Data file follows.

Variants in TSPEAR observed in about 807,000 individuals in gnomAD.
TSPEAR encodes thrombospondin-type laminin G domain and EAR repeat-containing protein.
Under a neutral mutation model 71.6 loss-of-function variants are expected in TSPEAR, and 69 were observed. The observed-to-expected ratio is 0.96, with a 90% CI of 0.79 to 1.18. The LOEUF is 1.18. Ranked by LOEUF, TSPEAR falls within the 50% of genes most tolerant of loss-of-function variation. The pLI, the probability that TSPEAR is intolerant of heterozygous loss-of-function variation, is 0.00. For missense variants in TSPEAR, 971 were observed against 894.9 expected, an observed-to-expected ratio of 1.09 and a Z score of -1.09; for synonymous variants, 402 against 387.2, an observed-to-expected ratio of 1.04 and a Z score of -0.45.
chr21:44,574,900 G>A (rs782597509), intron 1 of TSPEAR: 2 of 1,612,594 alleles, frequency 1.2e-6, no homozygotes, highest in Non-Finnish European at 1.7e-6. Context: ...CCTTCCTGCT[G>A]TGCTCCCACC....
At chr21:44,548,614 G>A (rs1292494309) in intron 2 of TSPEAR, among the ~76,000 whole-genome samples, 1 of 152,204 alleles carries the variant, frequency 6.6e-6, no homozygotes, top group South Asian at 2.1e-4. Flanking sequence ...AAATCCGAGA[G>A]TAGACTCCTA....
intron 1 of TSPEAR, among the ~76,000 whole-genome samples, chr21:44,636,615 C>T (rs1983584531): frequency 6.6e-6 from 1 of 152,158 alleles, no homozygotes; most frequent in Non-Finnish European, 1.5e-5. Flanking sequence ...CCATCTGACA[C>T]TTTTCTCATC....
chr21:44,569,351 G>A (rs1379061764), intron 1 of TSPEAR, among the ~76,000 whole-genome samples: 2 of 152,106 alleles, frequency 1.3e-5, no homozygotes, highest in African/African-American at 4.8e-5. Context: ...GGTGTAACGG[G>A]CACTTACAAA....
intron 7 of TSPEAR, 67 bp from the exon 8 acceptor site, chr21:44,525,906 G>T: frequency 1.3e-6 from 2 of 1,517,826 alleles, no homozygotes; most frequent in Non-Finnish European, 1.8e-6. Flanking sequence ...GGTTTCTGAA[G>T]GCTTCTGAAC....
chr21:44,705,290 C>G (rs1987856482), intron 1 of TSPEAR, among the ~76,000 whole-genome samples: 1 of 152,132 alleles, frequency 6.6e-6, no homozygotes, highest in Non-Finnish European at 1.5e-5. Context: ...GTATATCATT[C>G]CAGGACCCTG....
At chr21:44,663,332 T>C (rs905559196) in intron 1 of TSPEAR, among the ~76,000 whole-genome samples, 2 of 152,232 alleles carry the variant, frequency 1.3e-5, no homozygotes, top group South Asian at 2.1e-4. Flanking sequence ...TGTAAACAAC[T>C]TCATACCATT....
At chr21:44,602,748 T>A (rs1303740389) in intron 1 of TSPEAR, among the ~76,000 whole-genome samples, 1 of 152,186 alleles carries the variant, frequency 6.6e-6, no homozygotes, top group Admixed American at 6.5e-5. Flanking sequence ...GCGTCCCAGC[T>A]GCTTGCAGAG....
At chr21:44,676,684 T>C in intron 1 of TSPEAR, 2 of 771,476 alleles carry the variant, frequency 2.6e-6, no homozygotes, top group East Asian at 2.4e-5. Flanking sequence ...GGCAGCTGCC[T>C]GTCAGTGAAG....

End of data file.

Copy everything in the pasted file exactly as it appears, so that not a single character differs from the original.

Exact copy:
Variants in TSPEAR observed in about 807,000 individuals in gnomAD.
TSPEAR encodes thrombospondin-type laminin G domain and EAR repeat-containing protein.
Under a neutral mutation model 71.6 loss-of-function variants are expected in TSPEAR, and 69 were observed. The observed-to-expected ratio is 0.96, with a 90% CI of 0.79 to 1.18. The LOEUF is 1.18. Ranked by LOEUF, TSPEAR falls within the 50% of genes most tolerant of loss-of-function variation. The pLI, the probability that TSPEAR is intolerant of heterozygous loss-of-function variation, is 0.00. For missense variants in TSPEAR, 971 were observed against 894.9 expected, an observed-to-expected ratio of 1.09 and a Z score of -1.09; for synonymous variants, 402 against 387.2, an observed-to-expected ratio of 1.04 and a Z score of -0.45.
chr21:44,574,900 G>A (rs782597509), intron 1 of TSPEAR: 2 of 1,612,594 alleles, frequency 1.2e-6, no homozygotes, highest in Non-Finnish European at 1.7e-6. Context: ...CCTTCCTGCT[G>A]TGCTCCCACC....
At chr21:44,548,614 G>A (rs1292494309) in intron 2 of TSPEAR, among the ~76,000 whole-genome samples, 1 of 152,204 alleles carries the variant, frequency 6.6e-6, no homozygotes, top group South Asian at 2.1e-4. Flanking sequence ...AAATCCGAGA[G>A]TAGACTCCTA....
intron 1 of TSPEAR, among the ~76,000 whole-genome samples, chr21:44,636,615 C>T (rs1983584531): frequency 6.6e-6 from 1 of 152,158 alleles, no homozygotes; most frequent in Non-Finnish European, 1.5e-5. Flanking sequence ...CCATCTGACA[C>T]TTTTCTCATC....
chr21:44,569,351 G>A (rs1379061764), intron 1 of TSPEAR, among the ~76,000 whole-genome samples: 2 of 152,106 alleles, frequency 1.3e-5, no homozygotes, highest in African/African-American at 4.8e-5. Context: ...GGTGTAACGG[G>A]CACTTACAAA....
intron 7 of TSPEAR, 67 bp from the exon 8 acceptor site, chr21:44,525,906 G>T: frequency 1.3e-6 from 2 of 1,517,826 alleles, no homozygotes; most frequent in Non-Finnish European, 1.8e-6. Flanking sequence ...GGTTTCTGAA[G>T]GCTTCTGAAC....
chr21:44,705,290 C>G (rs1987856482), intron 1 of TSPEAR, among the ~76,000 whole-genome samples: 1 of 152,132 alleles, frequency 6.6e-6, no homozygotes, highest in Non-Finnish European at 1.5e-5. Context: ...GTATATCATT[C>G]CAGGACCCTG....
At chr21:44,663,332 T>C (rs905559196) in intron 1 of TSPEAR, among the ~76,000 whole-genome samples, 2 of 152,232 alleles carry the variant, frequency 1.3e-5, no homozygotes, top group South Asian at 2.1e-4. Flanking sequence ...TGTAAACAAC[T>C]TCATACCATT....
At chr21:44,602,748 T>A (rs1303740389) in intron 1 of TSPEAR, among the ~76,000 whole-genome samples, 1 of 152,186 alleles carries the variant, frequency 6.6e-6, no homozygotes, top group Admixed American at 6.5e-5. Flanking sequence ...GCGTCCCAGC[T>A]GCTTGCAGAG....
At chr21:44,676,684 T>C in intron 1 of TSPEAR, 2 of 771,476 alleles carry the variant, frequency 2.6e-6, no homozygotes, top group East Asian at 2.4e-5. Flanking sequence ...GGCAGCTGCC[T>C]GTCAGTGAAG....